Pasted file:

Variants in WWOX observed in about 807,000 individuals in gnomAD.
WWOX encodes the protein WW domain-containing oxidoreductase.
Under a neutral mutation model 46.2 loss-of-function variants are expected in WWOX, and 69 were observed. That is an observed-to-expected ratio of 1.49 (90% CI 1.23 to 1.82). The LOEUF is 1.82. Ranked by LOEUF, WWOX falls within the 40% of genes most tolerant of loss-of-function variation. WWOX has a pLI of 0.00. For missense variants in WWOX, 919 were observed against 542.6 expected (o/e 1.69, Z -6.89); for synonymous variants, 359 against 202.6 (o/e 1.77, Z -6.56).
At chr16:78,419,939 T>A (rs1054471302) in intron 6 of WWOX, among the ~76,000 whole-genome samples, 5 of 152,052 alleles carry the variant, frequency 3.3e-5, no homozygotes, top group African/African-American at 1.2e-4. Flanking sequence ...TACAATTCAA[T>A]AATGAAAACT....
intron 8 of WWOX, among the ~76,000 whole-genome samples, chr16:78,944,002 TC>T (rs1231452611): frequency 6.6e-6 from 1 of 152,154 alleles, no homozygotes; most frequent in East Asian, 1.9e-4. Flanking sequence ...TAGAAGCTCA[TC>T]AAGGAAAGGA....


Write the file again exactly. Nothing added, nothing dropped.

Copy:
Variants in WWOX observed in about 807,000 individuals in gnomAD.
WWOX encodes the protein WW domain-containing oxidoreductase.
Under a neutral mutation model 46.2 loss-of-function variants are expected in WWOX, and 69 were observed. That is an observed-to-expected ratio of 1.49 (90% CI 1.23 to 1.82). The LOEUF is 1.82. Ranked by LOEUF, WWOX falls within the 40% of genes most tolerant of loss-of-function variation. WWOX has a pLI of 0.00. For missense variants in WWOX, 919 were observed against 542.6 expected (o/e 1.69, Z -6.89); for synonymous variants, 359 against 202.6 (o/e 1.77, Z -6.56).
At chr16:78,419,939 T>A (rs1054471302) in intron 6 of WWOX, among the ~76,000 whole-genome samples, 5 of 152,052 alleles carry the variant, frequency 3.3e-5, no homozygotes, top group African/African-American at 1.2e-4. Flanking sequence ...TACAATTCAA[T>A]AATGAAAACT....
intron 8 of WWOX, among the ~76,000 whole-genome samples, chr16:78,944,002 TC>T (rs1231452611): frequency 6.6e-6 from 1 of 152,154 alleles, no homozygotes; most frequent in East Asian, 1.9e-4. Flanking sequence ...TAGAAGCTCA[TC>T]AAGGAAAGGA....